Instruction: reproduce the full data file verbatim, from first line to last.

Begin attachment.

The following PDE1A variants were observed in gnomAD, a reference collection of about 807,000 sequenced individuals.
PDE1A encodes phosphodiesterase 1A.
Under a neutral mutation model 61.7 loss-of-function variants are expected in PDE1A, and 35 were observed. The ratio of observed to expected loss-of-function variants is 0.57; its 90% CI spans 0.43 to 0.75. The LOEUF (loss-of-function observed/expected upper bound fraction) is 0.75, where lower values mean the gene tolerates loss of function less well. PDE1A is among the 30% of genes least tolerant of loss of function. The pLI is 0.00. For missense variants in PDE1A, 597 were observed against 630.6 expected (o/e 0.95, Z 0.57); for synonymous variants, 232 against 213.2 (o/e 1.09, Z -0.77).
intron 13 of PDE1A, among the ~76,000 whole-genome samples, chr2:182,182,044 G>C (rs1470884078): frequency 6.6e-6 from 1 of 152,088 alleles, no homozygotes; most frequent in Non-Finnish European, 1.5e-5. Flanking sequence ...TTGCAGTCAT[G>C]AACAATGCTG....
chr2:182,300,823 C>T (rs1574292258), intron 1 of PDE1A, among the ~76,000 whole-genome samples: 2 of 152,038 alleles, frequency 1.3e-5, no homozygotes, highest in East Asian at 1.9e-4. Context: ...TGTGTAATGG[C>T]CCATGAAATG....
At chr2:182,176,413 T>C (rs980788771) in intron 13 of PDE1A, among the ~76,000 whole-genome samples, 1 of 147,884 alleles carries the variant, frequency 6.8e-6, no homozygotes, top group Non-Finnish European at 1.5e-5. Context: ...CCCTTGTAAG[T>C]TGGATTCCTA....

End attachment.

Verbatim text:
The following PDE1A variants were observed in gnomAD, a reference collection of about 807,000 sequenced individuals.
PDE1A encodes phosphodiesterase 1A.
Under a neutral mutation model 61.7 loss-of-function variants are expected in PDE1A, and 35 were observed. The ratio of observed to expected loss-of-function variants is 0.57; its 90% CI spans 0.43 to 0.75. The LOEUF (loss-of-function observed/expected upper bound fraction) is 0.75, where lower values mean the gene tolerates loss of function less well. PDE1A is among the 30% of genes least tolerant of loss of function. The pLI is 0.00. For missense variants in PDE1A, 597 were observed against 630.6 expected (o/e 0.95, Z 0.57); for synonymous variants, 232 against 213.2 (o/e 1.09, Z -0.77).
intron 13 of PDE1A, among the ~76,000 whole-genome samples, chr2:182,182,044 G>C (rs1470884078): frequency 6.6e-6 from 1 of 152,088 alleles, no homozygotes; most frequent in Non-Finnish European, 1.5e-5. Flanking sequence ...TTGCAGTCAT[G>C]AACAATGCTG....
chr2:182,300,823 C>T (rs1574292258), intron 1 of PDE1A, among the ~76,000 whole-genome samples: 2 of 152,038 alleles, frequency 1.3e-5, no homozygotes, highest in East Asian at 1.9e-4. Context: ...TGTGTAATGG[C>T]CCATGAAATG....
At chr2:182,176,413 T>C (rs980788771) in intron 13 of PDE1A, among the ~76,000 whole-genome samples, 1 of 147,884 alleles carries the variant, frequency 6.8e-6, no homozygotes, top group Non-Finnish European at 1.5e-5. Context: ...CCCTTGTAAG[T>C]TGGATTCCTA....